The Liability Convention was considered and negotiated by the Legal subcommittee from 1963 to 1972. Agreement was reached in the General Assembly in 1971 ( resolution 2777 (XXVI)), and the Convention entered into force in September 1972. Elaborating on Article 7 of the Outer Space Treaty, the Liability Convention provides that a launching State shall be absolutely liable to pay compensation for damage caused by its space objects on the surface of the Earth or to aircraft, and liable for damage due to its faults in space. The Convention also provides for procedures for the settlement of claims for damages.

I wrote up the topic proposal as required, Professor Parker glanced over it, and approved it. What a relief! (A classmate who wanted to do a paper on sea turtles had had 3 rejections.)

This treaty, as it turned out, had actually been invoked once, in 1979, when a Soviet spy satellite crashed in northern Canada, spreading radioactive debris in the snow where endangered caribou range. The Soviets ended up having to pay $1 million and were not allowed to go there to clean up the mess themselves. U.S. and Canadian scientists had put on radiation suits and collected everything in lead boxes.

The paper I was to write ended up being 33 and a half pages long, and Parker gave it an “A-“. He wrote me a note that he liked these papers to have more law than facts, but qualified that comment with the observation that mine couldn’t have that, because the treaty hadn’t been invoked more than once. That was rather amusing – there was nothing I could do about that.

I had a wonderful time with this project, and I still have the thesis paper and materials I printed out to write it. I doubt I will ever throw them away.

This is the title of the paper: International Toxic Torts Caused by I.F.O.s (Identified Flying Objects).

The task before me was to explain how the treaty worked, using a hypothetical situation. In other words, I was to write some fiction and apply the law to it. Fun!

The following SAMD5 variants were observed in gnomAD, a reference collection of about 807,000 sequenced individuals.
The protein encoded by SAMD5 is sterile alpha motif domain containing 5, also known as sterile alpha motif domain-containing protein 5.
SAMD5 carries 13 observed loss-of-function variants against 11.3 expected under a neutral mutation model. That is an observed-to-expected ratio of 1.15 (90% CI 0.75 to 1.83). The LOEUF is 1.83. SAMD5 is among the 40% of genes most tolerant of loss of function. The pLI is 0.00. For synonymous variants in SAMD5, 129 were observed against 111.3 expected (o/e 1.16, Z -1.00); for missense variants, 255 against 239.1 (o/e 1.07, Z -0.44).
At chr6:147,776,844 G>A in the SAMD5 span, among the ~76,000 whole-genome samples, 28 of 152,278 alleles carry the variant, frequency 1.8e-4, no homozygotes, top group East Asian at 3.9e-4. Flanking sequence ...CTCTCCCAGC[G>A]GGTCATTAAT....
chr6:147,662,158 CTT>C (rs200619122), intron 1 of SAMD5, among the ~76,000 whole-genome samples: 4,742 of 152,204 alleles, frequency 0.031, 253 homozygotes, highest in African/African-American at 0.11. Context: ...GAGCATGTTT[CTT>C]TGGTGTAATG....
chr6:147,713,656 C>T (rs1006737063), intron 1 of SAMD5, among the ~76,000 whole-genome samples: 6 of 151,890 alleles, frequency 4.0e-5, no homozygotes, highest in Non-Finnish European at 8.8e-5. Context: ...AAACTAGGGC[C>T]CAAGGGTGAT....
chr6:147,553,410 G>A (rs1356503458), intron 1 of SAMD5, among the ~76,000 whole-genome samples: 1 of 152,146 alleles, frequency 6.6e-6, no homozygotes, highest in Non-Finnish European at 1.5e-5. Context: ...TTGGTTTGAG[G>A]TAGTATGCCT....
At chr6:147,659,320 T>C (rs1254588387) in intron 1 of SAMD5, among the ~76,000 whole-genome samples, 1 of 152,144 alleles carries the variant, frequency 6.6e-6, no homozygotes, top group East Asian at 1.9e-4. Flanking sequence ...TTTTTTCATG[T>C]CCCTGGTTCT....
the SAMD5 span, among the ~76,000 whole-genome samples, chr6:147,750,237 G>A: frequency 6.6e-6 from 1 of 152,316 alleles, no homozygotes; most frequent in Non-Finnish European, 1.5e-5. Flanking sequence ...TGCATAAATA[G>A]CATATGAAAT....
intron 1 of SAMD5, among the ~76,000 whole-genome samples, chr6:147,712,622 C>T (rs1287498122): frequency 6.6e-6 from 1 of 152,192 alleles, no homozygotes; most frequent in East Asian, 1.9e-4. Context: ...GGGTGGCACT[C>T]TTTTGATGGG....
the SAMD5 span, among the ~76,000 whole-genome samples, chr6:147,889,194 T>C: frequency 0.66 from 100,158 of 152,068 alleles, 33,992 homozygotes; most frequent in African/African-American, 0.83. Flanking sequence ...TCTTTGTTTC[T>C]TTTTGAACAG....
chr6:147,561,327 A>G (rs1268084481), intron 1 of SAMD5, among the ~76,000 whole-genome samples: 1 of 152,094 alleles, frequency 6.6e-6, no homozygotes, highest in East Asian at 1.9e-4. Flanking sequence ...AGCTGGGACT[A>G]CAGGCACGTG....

Here is the fictitious scenario that I wrote:

A Carnival Cruise ship is out on the Caribbean Sea, and it is full of American tourists.

Meanwhile, Kuwait wanted a satellite put into orbit in order to give its cell phones and televisions better reception and reach.

Accordingly, it hired the French to build one and launch it into orbit, which they attempted to do via the European Space Agency (ESA) from their launch point in Kourou, French Guiana.

(At this point in my presentation to the class, I mentioned that it is better to have launch points near water, but that the Russians and Chinese have them inland. The Indians and Japanese, and the Europeans and Americans, put them near water. This means that the Japanese can only launch for 4 months out of the year, because they have an 8-month fishing season. They can’t risk accidents landing on people out in boats…)

Unfortunately, my scenario continued, the launch was unsuccessful. The rocket blew up mid-way into orbit and fell back to Earth, in the Caribbean Sea…right onto that Carnival Cruise ship.

What a mess. Lots of deaths, and of course destruction of property.

Now what?

Enter the Convention on International Liability for Damage Caused by Space Objects.

(Notice that I had chosen defendants with sufficient funds to leave some hope of collecting on this legal action.)

An arbitration panel would have to be assembled, and it would contain jurists from nations that were members of the United Nations but it would not include any from the nations involved in this dispute.

The United States would be suing on behalf of the families of the victims of this disaster and on behalf of the Carnival Cruise corporation.

France and Kuwait would be on the hook for whatever damages the panel awarded.

The End.

As I explained everything I had learned, I heard one guy in the class say in a stage whisper, “Star Wars, science fiction, Star Trek.”

That earned him a funny look from Professor Parker.

We were presenting 3 papers each week, so all 9 of us were done in 3 weeks (one class meeting per week).

The next week, it was the stage whisperer’s turn, and he was nervous. Before he got up to speak, he said something to the professor about “this topic you assigned me.”

Really?! I thought to myself – you’re laughing at me yet you weren’t fascinated enough on your own about any topic to choose one yourself?! Hah.

At my graduation, Professor Parker told my family that I had convinced him that outer space was a part of the ecosystem and a part of international environmental law.

How had I done that?

The presentation and the paper had talked about the Kosmos-954 accident, and about what satellites are made of and powered by, which is spent uranium and plutonium.

Cosmos-954 Specifications. Wikipedia

Those things have half-lives of 4,000 to 5,000 years, and we know that those elements are part of highly toxic nuclear weapons. We don’t want that stuff falling on us!

At the time I was writing that paper, which was in 1998, there were roughly 600 human-made objects in orbit around the Earth.

These included satellites for communications, spying, and education and exploration.